Glastonbury Abbey Abbott’s Hall ruin, looking toward the Crossing. Glastonbury’s current ruined state results from its dissolution at the hands of Henry VIII, who removed the lead roof and took the maintenance money.
“The Vietnam War couldn’t have gone on for as long as it did, certainly, if it hadn’t been human nature to regard persons it didn’t know and didn’t care to know, even if they were in agony, as insignificant. A few human beings have struggled against this most natural of tendencies, and have expressed pity for unhappy strangers. But, as History shows, as History yells: ‘They have never been numerous!’
“Another flaw in the human character is that everybody wants to build and nobody wants to do the maintenance.”
In other news, Rumsfeld made a suprise visit to Iraq this week, which will also be his last.
St. Jam es Cemetery, south of the Avon, between Lower Bristol Road and the Great Western railroad tracks. Again, this is just a Victorian Era cemetery with most of the graves dating from the late 19th and early 20th Centuries and many of them were recent burials, nothing at all special here, except that just like the cemetery near Beckford’s Tower, this one is in total disrepair! This isn’t that old! Why do Victorian cemeteries never appear to be conserved here? Please tell me this is recent vandalism!
When I lived in Copenhagen, Denmark, I was a little astonished about the grave policies in some of the rural churchyards. I would look at their spectacularly old brick churches and the graves around them, only to discover they were all from the 1980s, 1960s, late 20th century in general. Upon inquiring at a few churches, I was informed that there, the land is leased in twenty year segments, with the option to pay for several leases at one time or have a family member renew the lease. The redevelopment of Århus with Arne Jacobsen incredibly famous rådhus (town hall) there was placed in the center of the city in open land. The city is medieval, how the heck was that land free to develop? Ah, it was a medieval Christian cemetery adjacent to an old Jewish cemetery. Attempts were made to angle the building so as to preserve the Jewish cemetery, but the other one was excavated for basement storage. (Ironically, I’m sure for death certificate records.)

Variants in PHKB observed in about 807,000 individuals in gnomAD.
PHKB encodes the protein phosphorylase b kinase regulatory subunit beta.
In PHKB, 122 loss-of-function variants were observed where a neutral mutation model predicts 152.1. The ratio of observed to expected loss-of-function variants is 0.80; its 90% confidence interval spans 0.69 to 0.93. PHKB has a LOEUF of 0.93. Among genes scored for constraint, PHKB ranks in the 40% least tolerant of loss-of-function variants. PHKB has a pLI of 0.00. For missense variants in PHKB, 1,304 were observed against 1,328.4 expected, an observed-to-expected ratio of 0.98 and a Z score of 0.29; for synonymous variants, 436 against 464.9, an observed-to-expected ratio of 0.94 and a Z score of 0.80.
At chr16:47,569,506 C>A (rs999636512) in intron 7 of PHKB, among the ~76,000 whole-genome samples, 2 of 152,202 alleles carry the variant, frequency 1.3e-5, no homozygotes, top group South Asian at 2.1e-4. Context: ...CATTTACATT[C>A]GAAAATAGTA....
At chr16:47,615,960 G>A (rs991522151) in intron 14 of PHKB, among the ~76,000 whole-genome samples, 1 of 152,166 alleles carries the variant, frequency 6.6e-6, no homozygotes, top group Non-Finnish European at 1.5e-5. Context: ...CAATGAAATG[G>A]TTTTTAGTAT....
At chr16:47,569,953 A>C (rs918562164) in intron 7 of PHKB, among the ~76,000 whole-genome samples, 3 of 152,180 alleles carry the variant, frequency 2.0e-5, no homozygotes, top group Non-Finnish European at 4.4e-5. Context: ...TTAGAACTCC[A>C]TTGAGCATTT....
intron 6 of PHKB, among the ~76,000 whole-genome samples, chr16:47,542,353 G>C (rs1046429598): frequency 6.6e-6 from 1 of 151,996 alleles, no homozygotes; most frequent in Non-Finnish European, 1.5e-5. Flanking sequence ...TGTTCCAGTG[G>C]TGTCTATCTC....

Today’s title quote comes from the last words of Spanish fascist dictator Generalissimo Francisco Franco who died on this day in1975 after having 3/5 of his stomach removed.
Incidentally, happy birthday to a (hopefully) loyal DP viewer.
It’s still up. I only saw it recently, several days after Memorial Day.
Friday’s lecturer was a distinguished, and thoroughly British, structural engineer who had worked on all the great English Heritage listings. Out of all the case studies he projected, what struck me was his outfit. Accepting that it was a tad cold in the room, he wore a very formal heavy suit with a maroon vest and even had attached a gold pocket watch chain. His whole appearance was very colourful, which is how I came to notice that pinned to his label was a red and black poppy.